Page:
Jigoku Nozoki – literally “Peek into Hell”.  Unfortunately, the queue was too long to even consider taking a peek.  (I reckon the real peek into hell would be looking back into the queues!)

It was certainly worth visiting, and I would like to go again someday (minus the crowds) for a proper look around.

A Day in Kamakura

19 Apr

“And there is a Japanese idol at Kamakura”

Rudyard Kipling

 

Kamakura, after some half-dozen visits, still remains my favourite travel destination in Japan.  If fate had swung differently, and I hadn’t put down roots in Saitama, I probably would have made an effort to live there.

Sandwiched between the sea and hills, this coastal city is rich in history and – if you can sneak away from the tourist traps – the opportunity to engage in some good hikes.  My most recent trip was not to be so (boss wife, kids and in-laws in tow), and one of the “highlights” of the trip would be eating the city’s famed whitebait.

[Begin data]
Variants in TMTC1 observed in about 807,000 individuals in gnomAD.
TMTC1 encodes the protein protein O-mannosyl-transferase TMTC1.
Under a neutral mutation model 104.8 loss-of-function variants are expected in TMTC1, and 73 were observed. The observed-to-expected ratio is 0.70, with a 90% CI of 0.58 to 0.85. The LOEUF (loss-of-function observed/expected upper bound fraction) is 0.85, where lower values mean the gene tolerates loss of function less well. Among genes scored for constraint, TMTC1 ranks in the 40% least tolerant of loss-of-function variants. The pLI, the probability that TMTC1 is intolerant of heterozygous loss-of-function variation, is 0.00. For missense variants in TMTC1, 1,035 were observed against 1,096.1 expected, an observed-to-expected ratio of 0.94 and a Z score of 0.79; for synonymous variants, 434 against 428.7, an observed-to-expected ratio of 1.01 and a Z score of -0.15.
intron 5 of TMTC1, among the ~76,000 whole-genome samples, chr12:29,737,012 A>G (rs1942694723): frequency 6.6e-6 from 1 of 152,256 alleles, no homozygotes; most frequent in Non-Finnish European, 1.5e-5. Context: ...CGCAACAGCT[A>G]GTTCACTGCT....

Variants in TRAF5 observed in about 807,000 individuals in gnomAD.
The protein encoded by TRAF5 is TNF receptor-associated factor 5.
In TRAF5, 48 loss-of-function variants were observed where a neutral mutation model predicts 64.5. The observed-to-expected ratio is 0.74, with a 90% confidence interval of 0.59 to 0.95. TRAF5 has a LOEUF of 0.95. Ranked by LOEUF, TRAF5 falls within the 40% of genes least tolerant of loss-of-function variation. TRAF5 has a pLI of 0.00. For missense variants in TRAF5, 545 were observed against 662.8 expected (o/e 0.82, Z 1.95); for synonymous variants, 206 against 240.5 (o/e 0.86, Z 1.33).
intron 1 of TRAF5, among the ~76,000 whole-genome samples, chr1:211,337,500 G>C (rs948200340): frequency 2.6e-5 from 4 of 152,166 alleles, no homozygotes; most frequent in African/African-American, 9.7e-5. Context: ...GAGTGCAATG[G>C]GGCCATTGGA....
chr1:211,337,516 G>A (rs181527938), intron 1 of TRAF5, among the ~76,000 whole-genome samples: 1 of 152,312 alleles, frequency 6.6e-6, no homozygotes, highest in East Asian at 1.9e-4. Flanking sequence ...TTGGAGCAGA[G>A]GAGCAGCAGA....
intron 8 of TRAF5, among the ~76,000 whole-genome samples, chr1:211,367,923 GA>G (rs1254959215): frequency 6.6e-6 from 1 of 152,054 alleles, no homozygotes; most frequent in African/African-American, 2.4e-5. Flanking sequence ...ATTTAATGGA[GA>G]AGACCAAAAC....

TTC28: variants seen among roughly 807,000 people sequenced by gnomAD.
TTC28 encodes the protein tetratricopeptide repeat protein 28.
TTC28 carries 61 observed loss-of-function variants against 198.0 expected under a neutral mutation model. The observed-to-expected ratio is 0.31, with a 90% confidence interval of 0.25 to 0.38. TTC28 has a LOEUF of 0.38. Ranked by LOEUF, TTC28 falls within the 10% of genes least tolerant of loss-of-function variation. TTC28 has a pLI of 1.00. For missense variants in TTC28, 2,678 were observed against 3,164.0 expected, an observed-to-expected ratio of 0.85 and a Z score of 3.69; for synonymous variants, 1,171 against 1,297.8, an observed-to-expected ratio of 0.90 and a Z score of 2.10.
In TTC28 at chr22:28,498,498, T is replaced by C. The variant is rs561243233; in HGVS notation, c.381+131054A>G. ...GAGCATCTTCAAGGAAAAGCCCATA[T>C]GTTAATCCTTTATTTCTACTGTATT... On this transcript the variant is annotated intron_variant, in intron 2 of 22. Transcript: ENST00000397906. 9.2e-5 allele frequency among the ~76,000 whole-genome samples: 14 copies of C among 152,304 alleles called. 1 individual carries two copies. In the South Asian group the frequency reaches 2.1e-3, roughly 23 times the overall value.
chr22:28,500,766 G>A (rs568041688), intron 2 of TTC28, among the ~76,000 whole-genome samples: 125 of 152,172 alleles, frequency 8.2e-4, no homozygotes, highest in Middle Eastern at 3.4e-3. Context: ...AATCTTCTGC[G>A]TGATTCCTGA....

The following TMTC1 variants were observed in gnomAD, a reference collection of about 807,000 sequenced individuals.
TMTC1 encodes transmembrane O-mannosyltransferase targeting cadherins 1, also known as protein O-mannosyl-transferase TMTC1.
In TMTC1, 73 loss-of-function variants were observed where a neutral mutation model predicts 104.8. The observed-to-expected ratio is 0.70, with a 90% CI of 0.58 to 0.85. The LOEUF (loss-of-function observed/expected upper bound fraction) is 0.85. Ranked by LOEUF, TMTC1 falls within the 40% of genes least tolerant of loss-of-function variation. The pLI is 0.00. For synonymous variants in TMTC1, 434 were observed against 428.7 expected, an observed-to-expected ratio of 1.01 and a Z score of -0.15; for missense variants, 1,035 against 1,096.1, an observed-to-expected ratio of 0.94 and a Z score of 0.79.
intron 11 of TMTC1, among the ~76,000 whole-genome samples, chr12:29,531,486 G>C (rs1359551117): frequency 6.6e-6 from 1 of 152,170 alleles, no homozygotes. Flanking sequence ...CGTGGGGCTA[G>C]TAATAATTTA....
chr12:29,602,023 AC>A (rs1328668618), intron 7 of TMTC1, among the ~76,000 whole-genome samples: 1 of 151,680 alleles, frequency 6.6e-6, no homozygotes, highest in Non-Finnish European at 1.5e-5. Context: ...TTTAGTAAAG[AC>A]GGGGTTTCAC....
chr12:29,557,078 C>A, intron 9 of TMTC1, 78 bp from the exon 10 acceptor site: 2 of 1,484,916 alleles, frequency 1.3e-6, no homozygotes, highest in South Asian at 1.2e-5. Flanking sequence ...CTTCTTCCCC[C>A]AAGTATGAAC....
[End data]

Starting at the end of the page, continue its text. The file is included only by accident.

[I have never really grasped this preoccupation with travel for the express purpose of eating some purportedly famous dish.  Nor am I a fan of whitebait – it’s essentially a collection of eyes, scales and backbones and other parts of a fish you probably wouldn’t normally eat anyway.  Just let them grow up, OK?]

 

It was a clear and sunny day (the cool breeze helped keep the clouds away) and the city was fairly crowded.  (I knew we should have left home earlier…)